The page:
Federal agencies will intensify their talent search in and out of government for women and minorities to take middle- and top-management ($33,000 to $47,500) civil service jobs.
The push will come as a result of yesterday's directive from the three politically appointed Civil Service Commission members. They told their top staff to come up with a hard-hitting new program by Aug. 1 that will emphasize "strong affirmative recruitment" of women and minorities for key jobs in the personnel and merit system watchdog agency.
Because the program has the full backing of the White House, other federal departments and agencies will fall into line with programs to add more minorities to the top management ranks of government, which now is predominantly white and male.
CSC's top staff also is supposed to develop a program setting up a number of "developmental positions" which, in effect, will be super'management trainee jobs designed to bring women, blacks and Spanish-speaking and other minorities into the executive ranks.
After the commissioner's meeting, CSC Chairman Alan K. Campbell, said the new emphasis on increasing the minority population at the top will not be accomplished by quotas, or any "lowering of standards."
"What it means," Campbell said, "is that there will be a more strenuous effort than ever before" to seek out talented women and minority group members - in and out of government.
The commission also will de-emphasize CSC experience, and specialization in personnel work that has been the primary route to the top in the agency. "Broader experience" in other job disciplines, and experience in other agencies and in private industry will be emphasized in the new program. That has caused some long faces among CSC's top staff, which is largely home-grown.
Although other federal agencies are not mentioned in the broader management recruitment plan, they will take the hint. Several personnel directors from other agencies were at the meeting yesterday and they will help to spread the word that this SCS program is close to the President's heart.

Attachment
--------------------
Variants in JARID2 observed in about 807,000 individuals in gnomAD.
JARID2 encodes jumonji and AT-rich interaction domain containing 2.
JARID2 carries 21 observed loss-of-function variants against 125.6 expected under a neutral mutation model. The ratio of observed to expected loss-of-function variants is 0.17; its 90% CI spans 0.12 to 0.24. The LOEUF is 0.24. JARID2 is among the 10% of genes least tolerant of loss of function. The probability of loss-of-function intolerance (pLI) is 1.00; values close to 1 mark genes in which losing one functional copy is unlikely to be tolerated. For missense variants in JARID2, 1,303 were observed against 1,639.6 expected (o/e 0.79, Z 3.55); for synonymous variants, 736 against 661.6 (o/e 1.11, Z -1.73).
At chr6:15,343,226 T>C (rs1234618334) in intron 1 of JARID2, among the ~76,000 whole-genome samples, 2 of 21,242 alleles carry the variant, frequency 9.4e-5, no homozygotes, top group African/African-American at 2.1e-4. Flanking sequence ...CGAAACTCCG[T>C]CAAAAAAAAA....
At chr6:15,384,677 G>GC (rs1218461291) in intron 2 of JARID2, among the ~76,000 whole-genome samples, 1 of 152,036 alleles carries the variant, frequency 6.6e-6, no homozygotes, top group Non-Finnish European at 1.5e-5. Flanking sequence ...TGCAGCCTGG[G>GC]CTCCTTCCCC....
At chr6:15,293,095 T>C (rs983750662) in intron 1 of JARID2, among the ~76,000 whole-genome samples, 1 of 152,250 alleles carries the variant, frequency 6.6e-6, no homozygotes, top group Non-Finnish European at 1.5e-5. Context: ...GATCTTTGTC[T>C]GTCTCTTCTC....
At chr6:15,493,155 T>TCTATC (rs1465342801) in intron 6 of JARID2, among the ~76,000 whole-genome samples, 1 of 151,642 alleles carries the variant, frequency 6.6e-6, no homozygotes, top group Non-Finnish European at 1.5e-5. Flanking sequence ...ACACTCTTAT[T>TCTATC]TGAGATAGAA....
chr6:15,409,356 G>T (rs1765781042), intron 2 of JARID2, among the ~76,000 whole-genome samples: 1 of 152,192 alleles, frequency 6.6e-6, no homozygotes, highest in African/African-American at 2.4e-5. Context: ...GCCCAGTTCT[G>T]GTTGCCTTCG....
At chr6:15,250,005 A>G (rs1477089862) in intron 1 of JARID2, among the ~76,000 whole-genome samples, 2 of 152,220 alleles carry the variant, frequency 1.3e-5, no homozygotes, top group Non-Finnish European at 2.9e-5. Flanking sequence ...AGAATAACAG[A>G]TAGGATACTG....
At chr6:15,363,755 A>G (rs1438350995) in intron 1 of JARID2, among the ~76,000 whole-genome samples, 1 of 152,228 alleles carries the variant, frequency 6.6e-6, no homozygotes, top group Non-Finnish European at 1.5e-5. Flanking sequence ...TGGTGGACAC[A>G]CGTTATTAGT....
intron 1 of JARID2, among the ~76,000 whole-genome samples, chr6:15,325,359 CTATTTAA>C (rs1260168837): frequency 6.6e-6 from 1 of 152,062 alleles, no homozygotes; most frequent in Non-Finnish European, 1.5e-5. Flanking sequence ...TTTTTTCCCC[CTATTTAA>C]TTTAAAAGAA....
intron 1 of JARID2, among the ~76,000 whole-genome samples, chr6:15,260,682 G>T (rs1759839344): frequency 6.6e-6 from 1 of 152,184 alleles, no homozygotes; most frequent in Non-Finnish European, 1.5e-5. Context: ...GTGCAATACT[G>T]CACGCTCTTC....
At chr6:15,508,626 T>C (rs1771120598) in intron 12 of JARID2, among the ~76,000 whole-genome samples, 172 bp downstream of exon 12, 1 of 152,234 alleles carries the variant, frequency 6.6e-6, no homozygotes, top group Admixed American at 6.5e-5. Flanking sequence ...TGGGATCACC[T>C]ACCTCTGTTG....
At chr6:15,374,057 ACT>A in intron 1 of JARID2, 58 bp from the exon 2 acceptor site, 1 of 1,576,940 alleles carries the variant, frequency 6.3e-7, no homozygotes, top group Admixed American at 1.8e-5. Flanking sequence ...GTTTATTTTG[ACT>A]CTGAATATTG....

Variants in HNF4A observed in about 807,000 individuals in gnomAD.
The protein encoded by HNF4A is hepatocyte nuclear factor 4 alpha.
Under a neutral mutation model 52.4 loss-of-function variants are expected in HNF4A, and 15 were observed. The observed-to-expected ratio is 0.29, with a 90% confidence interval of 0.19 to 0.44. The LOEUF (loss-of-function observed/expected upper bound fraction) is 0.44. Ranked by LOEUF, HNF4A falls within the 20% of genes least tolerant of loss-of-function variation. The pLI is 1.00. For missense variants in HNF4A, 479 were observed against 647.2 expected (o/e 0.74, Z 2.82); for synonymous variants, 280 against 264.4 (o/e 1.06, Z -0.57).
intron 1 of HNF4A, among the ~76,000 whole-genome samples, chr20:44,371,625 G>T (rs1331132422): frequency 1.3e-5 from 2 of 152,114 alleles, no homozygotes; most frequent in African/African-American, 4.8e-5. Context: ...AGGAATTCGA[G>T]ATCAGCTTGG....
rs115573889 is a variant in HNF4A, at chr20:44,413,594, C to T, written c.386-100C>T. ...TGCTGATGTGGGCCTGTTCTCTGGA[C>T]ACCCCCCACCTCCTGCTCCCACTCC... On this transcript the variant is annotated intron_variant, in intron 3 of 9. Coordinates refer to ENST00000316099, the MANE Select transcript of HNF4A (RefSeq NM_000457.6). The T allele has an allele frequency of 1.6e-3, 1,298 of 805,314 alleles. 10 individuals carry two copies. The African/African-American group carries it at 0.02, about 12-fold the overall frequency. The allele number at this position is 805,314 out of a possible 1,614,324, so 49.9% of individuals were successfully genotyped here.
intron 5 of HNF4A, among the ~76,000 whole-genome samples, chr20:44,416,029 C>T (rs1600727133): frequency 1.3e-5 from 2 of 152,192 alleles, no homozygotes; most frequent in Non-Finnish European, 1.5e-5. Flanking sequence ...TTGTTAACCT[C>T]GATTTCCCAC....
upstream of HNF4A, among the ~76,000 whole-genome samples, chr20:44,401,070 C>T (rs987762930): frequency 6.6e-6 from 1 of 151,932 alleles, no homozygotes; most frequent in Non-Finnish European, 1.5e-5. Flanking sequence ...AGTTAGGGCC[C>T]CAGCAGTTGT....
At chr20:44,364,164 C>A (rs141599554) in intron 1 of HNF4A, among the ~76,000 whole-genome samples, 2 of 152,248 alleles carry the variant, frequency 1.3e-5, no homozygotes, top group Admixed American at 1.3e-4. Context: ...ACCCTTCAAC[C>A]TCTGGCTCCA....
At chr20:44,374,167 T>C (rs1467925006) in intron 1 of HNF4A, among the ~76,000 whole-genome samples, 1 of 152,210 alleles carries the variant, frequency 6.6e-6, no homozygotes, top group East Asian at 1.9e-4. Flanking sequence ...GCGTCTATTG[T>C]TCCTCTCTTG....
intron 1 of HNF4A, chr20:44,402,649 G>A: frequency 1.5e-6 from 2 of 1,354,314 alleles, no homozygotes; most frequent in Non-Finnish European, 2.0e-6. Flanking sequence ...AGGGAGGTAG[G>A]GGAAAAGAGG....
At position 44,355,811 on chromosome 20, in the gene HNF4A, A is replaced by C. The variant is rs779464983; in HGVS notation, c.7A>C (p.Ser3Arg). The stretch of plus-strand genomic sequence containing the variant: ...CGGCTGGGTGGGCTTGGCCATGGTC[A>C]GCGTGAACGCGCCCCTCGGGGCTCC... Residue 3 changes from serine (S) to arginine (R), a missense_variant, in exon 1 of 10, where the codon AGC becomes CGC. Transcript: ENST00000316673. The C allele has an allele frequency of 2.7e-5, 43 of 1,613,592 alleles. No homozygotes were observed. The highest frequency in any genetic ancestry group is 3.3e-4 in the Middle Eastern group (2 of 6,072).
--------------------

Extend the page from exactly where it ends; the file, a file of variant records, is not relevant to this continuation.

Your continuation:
Veterans Preference: With the full backing of the White House, CSC shortly will propose major changes in a predominantly male benefit - veteran's preference.
Military veterans, by law, now get points added to their test scores when applying for federal jobs, and lifetime preference over nonveterans during layoffs. They also get other benefits that are denied to about half the male population, and 99 per cent of women because they did not do military service.
Several other administrations have proposed watering down or elminating veteran's preference. All have given up after intense opposition from veterans organizations and the Congress. Despite warnings that they may be stirring up a political hornet's nest, Carter aides have given CSC the green light to push for modification of veteran's preference.
CSC Chairman Campbell is expected to outline some of the ideas today when he keynotes the Federally Employed Women's conference at the Sheraton Park Hotel. Campbell has spoken out before the need for changes in the veteran's preference law and his speech today before FEW will provide him with an ideal audience.
When CSC comes up with its legislative proposal, it is likely to take one of two forms.
A one-shot use of veteran's preference, to give veterans who were out to the civilian labor force for a time a helping hand into government.
A time limit of veteran's preference benefits to help establish and move an employee in government with the VP benefits ending after one to four years of civilian years of civilian service.
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